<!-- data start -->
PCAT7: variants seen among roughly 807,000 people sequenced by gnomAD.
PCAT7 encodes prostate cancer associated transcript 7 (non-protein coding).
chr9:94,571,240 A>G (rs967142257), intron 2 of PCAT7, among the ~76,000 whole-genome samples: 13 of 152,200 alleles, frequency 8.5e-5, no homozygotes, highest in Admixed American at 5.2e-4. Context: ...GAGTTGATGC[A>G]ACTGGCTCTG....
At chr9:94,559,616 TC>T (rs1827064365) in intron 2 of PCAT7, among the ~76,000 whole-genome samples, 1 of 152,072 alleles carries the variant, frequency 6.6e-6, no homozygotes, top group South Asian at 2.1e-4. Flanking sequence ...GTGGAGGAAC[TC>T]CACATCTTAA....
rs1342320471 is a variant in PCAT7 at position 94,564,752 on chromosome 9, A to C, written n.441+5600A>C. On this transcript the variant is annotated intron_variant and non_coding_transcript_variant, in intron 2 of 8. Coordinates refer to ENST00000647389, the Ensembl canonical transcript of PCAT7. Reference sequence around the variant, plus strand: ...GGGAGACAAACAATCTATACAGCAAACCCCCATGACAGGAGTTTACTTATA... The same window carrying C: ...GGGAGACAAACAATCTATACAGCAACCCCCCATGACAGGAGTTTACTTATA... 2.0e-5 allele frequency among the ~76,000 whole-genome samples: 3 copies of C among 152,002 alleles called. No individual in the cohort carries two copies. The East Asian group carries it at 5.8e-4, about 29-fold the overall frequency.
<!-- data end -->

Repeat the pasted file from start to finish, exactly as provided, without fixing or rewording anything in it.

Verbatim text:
PCAT7: variants seen among roughly 807,000 people sequenced by gnomAD.
PCAT7 encodes prostate cancer associated transcript 7 (non-protein coding).
chr9:94,571,240 A>G (rs967142257), intron 2 of PCAT7, among the ~76,000 whole-genome samples: 13 of 152,200 alleles, frequency 8.5e-5, no homozygotes, highest in Admixed American at 5.2e-4. Context: ...GAGTTGATGC[A>G]ACTGGCTCTG....
At chr9:94,559,616 TC>T (rs1827064365) in intron 2 of PCAT7, among the ~76,000 whole-genome samples, 1 of 152,072 alleles carries the variant, frequency 6.6e-6, no homozygotes, top group South Asian at 2.1e-4. Flanking sequence ...GTGGAGGAAC[TC>T]CACATCTTAA....
rs1342320471 is a variant in PCAT7 at position 94,564,752 on chromosome 9, A to C, written n.441+5600A>C. On this transcript the variant is annotated intron_variant and non_coding_transcript_variant, in intron 2 of 8. Coordinates refer to ENST00000647389, the Ensembl canonical transcript of PCAT7. Reference sequence around the variant, plus strand: ...GGGAGACAAACAATCTATACAGCAAACCCCCATGACAGGAGTTTACTTATA... The same window carrying C: ...GGGAGACAAACAATCTATACAGCAACCCCCCATGACAGGAGTTTACTTATA... 2.0e-5 allele frequency among the ~76,000 whole-genome samples: 3 copies of C among 152,002 alleles called. No individual in the cohort carries two copies. The East Asian group carries it at 5.8e-4, about 29-fold the overall frequency.